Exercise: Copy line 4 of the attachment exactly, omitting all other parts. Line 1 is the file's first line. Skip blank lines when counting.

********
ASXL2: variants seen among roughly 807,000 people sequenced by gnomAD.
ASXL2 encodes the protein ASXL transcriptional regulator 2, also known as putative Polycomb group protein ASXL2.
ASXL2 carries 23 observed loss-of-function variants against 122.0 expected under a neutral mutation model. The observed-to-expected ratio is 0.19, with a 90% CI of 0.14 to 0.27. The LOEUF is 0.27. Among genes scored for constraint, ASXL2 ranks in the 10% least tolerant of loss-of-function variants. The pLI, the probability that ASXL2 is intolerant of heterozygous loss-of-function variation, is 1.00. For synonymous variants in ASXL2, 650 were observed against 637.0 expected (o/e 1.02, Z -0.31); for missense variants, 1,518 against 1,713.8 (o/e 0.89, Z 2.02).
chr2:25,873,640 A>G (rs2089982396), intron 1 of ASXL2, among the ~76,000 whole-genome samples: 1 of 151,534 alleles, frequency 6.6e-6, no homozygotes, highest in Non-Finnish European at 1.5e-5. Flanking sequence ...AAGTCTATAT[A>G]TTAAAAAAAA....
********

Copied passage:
chr2:25,873,640 A>G (rs2089982396), intron 1 of ASXL2, among the ~76,000 whole-genome samples: 1 of 151,534 alleles, frequency 6.6e-6, no homozygotes, highest in Non-Finnish European at 1.5e-5. Flanking sequence ...AAGTCTATAT[A>G]TTAAAAAAAA....